29. As we have not touched thee. An accusing conscience urges them to desire to hold him closely bound unto them; and therefore they require an oath from him that he will not hurt them. For they knew that he might rightfully avenge himself on them for the sufferings he had endured: but they dissemble on this point, and even make a wonderful boast of their own acts of kindness. At first, indeed, the humanity of the king was remarkable, for he not only entertained Isaac with hospitality, but treated him with peculiar honor; yet he by no means continued to act thus to the end. It accords, however, with the common custom of men, to disguise their own faults by whatever artifice or color they can invent. But if we have committed any offense, it rather becomes us ingenuously to confess our fault, than by denying it, to wound still more deeply the minds of those whom we have injured. Nevertheless Isaac, since he had already sufficiently pierced their consciences, does not press them any further. For strangers are not to be treated by us as domestics; but if they do not receive profit, they are to be left to the judgment of God. Therefore, although Isaac does not extort from them a just confession; yet, that he may not be thought inwardly to cherish any hostility towards them, he does not refuse to strike a covenant with them. Thus we learn from his example, that if any have estranged themselves from us, they are not to be repelled when they again offer themselves to us. For if we are commanded to follow after peace, even when it seems to fly from us, it behoves us far less to be repulsive, when our enemies voluntarily seek reconciliation; especially if there be any hope of amendment in future, although true repentance may not yet appear. And he receives them to a feast, not only for the sake of promoting peace, but also for the sake of showing that he, having laid aside all offense, has become their friend.
Thou art now the blessed of the Lord. This is commonly explained to mean that they court his favor by flatteries, just as persons are accustomed to flatter when they ask favor; but I rather think this expression to have been added in a different sense. Isaac had complained of their injuries in having expelled him through envy: they answer, that there was no reason why any particle of grief should remain in his mind, since the Lord had treated him so kindly and so exactly according to his own wish; as if they had said, What dost thou want? Art thou not content with thy present success? Let us grant that we have not discharged the duty of hospitality towards thee; yet the blessing of God abundantly suffices to obliterate the memory of that time. Perhaps, however, by these words, they again assert that they are acting towards him with good faith, because he is under the guardianship of God.
31. And sware one to another. Isaac does not hesitate to swear; partly, that the Philistines may be the more easily appeased; partly, that he may not be suspected by them. And this is the legitimate method of swearing, when men mutually bind themselves to the cultivation of peace. A simple promise, indeed, ought to have sufficed; but since dissimulations or inconstancy causes men to be distrustful of each other, the Lord grants them the use of his name, that this more holy confirmation may be added to our covenants; and he does not only permit, he even commands us to swear as often as necessity requires it. (Deuteronomy 6:13.) Meanwhile we must beware, lest his name be profaned by rashly swearing.
32. And it came to pass the same day. Hence it appears, (as I have said a little before,) that the waters were not found in a moment of time. If it be asked, whence a supply of water had been obtained for his cattle and his household during the intervening days, I doubt not, indeed, that he either bought it, or was compelled to go to a distance to see if any one would be found from whom he might obtain it by entreaty. With respect to the name, (Sheba,) they are mistaken, in my judgment, who deem it to be any other than that which Abraham had first given to the well. For since the Hebrew word is ambiguous, Abraham alluded to the covenant which he had struck with the king of Gerar; but now Isaac recalling this ancient memorial to mind, joins with it the covenant in which he had himself engaged.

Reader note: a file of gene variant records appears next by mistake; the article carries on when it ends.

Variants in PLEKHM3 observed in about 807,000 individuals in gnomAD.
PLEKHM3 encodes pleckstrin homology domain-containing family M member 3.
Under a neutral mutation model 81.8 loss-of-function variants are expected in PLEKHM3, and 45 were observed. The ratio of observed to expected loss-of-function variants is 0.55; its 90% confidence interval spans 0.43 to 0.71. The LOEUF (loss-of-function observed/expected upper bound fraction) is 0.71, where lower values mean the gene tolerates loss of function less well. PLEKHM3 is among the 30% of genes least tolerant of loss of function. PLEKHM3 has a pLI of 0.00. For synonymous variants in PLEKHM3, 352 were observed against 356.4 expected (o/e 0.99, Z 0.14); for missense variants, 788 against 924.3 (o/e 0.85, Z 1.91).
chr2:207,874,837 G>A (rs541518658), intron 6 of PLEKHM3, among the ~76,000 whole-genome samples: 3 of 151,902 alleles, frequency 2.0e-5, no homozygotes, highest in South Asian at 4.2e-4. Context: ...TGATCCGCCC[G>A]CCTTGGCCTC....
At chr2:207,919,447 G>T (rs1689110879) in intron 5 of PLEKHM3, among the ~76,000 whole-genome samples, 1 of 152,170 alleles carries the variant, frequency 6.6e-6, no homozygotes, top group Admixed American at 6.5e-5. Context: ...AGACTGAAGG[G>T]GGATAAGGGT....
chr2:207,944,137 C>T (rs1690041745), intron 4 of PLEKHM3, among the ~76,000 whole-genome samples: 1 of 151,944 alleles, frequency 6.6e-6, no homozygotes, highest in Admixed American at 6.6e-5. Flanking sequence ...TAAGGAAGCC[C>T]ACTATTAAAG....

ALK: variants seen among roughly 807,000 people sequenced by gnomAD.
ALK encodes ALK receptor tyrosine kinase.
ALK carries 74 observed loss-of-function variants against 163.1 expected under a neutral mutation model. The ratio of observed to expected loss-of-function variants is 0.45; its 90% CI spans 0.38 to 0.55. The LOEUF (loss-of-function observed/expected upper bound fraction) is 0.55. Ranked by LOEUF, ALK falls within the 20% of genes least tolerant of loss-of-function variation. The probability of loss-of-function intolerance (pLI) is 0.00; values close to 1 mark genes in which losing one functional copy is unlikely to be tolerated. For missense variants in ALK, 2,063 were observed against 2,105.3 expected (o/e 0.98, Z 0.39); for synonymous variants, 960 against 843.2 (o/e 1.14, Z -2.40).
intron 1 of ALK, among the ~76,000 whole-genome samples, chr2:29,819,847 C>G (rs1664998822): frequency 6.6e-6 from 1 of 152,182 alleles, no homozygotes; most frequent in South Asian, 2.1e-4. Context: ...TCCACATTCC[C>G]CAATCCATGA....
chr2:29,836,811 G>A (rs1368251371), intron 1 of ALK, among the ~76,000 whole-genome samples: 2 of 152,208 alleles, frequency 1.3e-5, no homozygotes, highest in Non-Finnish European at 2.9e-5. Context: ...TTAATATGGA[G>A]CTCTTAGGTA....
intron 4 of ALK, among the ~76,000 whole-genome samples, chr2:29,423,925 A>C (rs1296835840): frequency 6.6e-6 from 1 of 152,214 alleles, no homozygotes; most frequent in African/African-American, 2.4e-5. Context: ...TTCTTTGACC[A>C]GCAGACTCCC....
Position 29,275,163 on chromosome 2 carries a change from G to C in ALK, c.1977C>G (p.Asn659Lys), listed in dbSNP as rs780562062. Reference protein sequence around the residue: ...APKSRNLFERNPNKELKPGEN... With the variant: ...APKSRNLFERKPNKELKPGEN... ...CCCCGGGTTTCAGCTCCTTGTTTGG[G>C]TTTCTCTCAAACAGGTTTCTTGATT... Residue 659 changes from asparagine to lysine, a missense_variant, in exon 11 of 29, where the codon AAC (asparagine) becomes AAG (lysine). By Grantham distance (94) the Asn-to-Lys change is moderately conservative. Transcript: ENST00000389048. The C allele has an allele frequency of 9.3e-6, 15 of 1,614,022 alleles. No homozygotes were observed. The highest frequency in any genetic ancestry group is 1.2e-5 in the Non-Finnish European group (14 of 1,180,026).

34. And Esau was forty years old. For many reasons Moses relates the marriages of Esau. Inasmuch as he mingled himself with the inhabitants of the land, from whom the holy race of Abraham was separated, and contracted affinities by which he became entangled; this was a kind of prelude of his rejection. It happened also, by the wonderful counsel of God, that these daughters-in-law were grievous and troublesome to the holy patriarch (Isaac) and his wife, in order that they might not by degrees become favorable to that reprobate people. If the manners of the people had been pleasing, and they had had good and obedient daughters, perhaps also, with their consent, Isaac might have taken a wife from among them. But it was not lawful for those to be bound together in marriage, whom God designed to be perpetual enemies. For how would the inheritance of the land be secured to the posterity of Abraham, but by the destruction of those among whom he sojourned for a time? Therefore God cuts off all inducements to these inauspicious marriages, that the disunion which he had established might remain. It appears hence, with what perpetual affection Esau was loved by Isaac; for although the holy man justly regarded his son’s wives with aversion, and his mind was exasperated against them, he never failed to act with the greatest kindness towards his son, as we shall afterwards see. We have elsewhere spoken concerning polygamy. This corruption had so far prevailed in every direction among many people, that the custom, though vicious, had acquired the force of law. It is not, therefore, surprising that a man addicted to the flesh indulged his appetite by taking two wives.
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Calvin, John. "Commentary on Genesis 26". "Calvin's Commentary on the Bible". https://www.studylight.org/
the Week of Proper 9 / Ordinary 14